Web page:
By Catherine Wagley
By Channing Sargent
By L.A. Weekly critics
By Amanda Lewis
By Catherine Wagley
By Carol Cheh
By Keegan Hamilton
By Bill Raden
It’s not that these authors are unaware of their flaws. The protagonist of Johnson‘s best book, Jesus’ Son, is nicknamed “Fuckhead.” “So there‘s the matter of our crimes,” writes Rick Moody at the start of his memoir The Black Veil. “The remembrance of our misdoings is grievous to us; the burden of them is intolerable.” In Y.S.K.O.V., Will blows $1,600 on airplane tickets, musing, “I thought of the people who could live or eat off money like this -- how many people and for how long. We were motherfucking bastards. I buried the shame deep within. I burned it and danced around it, leapt over it.”
Will’s charity has shades of Eggers‘ own; it’s been reported that the author burned through a lot of his A.H.W.O.S.G. earnings on his publishing ventures, 826 Valencia and travels to various exotic locales. Though the conversations between Will and Hand crackle with energy and wit, they sometimes seem less like two distinct characters than an internal monologue between two sides of the author. In A.H.W.O.S.G., Eggers played with this idea in a postmodern, 50-page exchange between himself and a producer for MTV‘s Real World. In Y.S.K.O.V., Will likens his brain to “a toddler in a room full of new guests,” tells us it “hovers on hummingbird wings,” and has imaginary conversations with other characters, including a 10-page fever dream in which he pleads, “Fuck. I want out of this fucking head.” So be it. Will’s narration is an amazingly accurate portrayal of the way grief can bend into madness. And if Y.S.K.O.V. were nothing more than an earnest, funny, angsty document of one human mind‘s back-and-forth over the guilt and horror of life and death, it would be well worth the price of admission ($22).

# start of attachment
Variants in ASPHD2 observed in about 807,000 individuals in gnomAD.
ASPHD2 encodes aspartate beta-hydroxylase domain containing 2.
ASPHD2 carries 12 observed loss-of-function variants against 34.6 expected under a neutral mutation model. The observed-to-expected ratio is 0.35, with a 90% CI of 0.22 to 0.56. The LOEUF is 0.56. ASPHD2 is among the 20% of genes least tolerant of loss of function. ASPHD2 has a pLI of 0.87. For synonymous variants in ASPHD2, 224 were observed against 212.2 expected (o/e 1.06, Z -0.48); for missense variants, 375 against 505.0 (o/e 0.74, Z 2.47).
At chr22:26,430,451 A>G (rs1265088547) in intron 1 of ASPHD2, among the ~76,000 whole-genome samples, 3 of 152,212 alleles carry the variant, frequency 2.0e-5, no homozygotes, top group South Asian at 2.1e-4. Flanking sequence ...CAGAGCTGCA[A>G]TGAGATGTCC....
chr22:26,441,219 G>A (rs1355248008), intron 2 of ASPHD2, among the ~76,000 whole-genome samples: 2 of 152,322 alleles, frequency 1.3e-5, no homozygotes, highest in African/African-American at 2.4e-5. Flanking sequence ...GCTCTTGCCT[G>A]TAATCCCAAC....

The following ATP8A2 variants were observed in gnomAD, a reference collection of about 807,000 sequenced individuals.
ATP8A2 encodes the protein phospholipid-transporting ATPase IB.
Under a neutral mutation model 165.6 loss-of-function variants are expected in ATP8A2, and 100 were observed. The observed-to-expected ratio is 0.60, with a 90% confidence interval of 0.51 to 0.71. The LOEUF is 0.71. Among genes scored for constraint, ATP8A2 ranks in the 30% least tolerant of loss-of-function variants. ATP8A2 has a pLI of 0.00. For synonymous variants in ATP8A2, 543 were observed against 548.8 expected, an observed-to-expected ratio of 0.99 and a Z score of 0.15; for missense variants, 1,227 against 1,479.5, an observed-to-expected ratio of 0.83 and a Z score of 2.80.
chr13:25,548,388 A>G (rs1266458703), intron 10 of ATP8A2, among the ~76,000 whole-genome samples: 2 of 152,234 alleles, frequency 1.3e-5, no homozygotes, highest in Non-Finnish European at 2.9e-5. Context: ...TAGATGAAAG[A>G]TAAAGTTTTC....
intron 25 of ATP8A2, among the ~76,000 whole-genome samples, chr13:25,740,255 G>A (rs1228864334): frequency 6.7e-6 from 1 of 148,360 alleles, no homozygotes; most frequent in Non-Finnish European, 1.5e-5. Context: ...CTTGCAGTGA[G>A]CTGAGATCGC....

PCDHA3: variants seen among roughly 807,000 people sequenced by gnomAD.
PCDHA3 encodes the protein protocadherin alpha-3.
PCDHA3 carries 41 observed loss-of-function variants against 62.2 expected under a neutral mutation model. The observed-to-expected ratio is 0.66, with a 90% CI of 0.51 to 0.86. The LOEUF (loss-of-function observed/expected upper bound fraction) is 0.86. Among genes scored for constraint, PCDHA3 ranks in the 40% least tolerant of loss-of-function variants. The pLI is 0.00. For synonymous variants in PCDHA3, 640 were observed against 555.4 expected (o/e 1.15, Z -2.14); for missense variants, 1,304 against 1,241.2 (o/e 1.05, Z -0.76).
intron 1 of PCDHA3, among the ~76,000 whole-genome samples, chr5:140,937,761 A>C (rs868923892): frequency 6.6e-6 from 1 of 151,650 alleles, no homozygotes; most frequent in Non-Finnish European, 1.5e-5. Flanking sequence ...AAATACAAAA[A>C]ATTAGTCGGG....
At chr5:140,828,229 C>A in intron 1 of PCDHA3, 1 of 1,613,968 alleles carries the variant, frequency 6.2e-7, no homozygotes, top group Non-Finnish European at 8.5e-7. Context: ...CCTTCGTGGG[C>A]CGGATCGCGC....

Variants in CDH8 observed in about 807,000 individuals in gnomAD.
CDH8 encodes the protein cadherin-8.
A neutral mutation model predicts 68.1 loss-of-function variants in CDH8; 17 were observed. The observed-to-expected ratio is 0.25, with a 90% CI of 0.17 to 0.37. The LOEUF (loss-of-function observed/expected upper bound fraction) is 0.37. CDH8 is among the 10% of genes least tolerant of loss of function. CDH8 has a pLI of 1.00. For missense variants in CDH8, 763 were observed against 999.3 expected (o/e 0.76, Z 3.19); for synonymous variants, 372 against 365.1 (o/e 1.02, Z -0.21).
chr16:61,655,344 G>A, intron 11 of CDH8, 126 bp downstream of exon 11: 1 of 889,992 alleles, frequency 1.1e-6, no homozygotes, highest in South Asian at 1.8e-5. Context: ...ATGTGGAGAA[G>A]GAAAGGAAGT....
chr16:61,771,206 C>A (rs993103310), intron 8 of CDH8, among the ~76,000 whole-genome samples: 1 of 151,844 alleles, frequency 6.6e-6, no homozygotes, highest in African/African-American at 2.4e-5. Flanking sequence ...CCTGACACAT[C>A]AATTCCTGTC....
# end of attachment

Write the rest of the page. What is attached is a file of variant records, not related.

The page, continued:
But it’s more than that. Eggers nails the ludicrousness of pop culture. In a bar in Estonia, “A big screen TV was activated, and on it a movie featuring crazy sharks with huge brains eating scientists and LL Cool J.” At a travel agency in Senegal, a character wears his socks “Van Horned up around his calves.” Without judgment, these references (to the film Deep Blue Sea and the NBA‘s reigning dufus, Keith Van Horn, respectively) deftly show how ridiculous a world it is America has constructed via entertainment exports.
Eggers also brings youth to the page, both its deep affections and its idiocy. On one hand, Will remembers Champagne Snowball, the junior high dance: “Feel the heat of her chest against yours. Feel the heave. You will never know heaving like that again so soak in that heave.” On the other, he remembers dousing a cow with gasoline and burning it alive: “We had no right. This was the same year we first wanted to kiss all the girls. We were darkhearted boys. We should have been jailed or drugged or killed. I remember watching that cow burn with total detachment.”
Most importantly, Eggers underscores America’s obscene wealth and know-nothing outlook on the rest of the world. At a reading at Midnight Special a month ago, he had this to say about Y.S.K.O.V.‘s plot: “Someone asked if it was an allegory for American intervention abroad. And I was . . .” -- he paused, smiled, demured -- “. . . flattered by that.” Still, it’s hard not to read the book as a timely parable.
You Shall Know Our Velocity is the work of a wildly talented writer early in his career, propelled by a brain hovering on hummingbird wings, and shaking a bit as he takes flight. Let me share the last lines of the novel because, for a book that opens by foretelling the death of its narrator, they provide reason to hope: “. . . I lived! We lived!”
YOU SHALL KNOW OUR VELOCITY | By DAVE EGGERS | McSweeney‘s Books | 371 pages $22 hardcover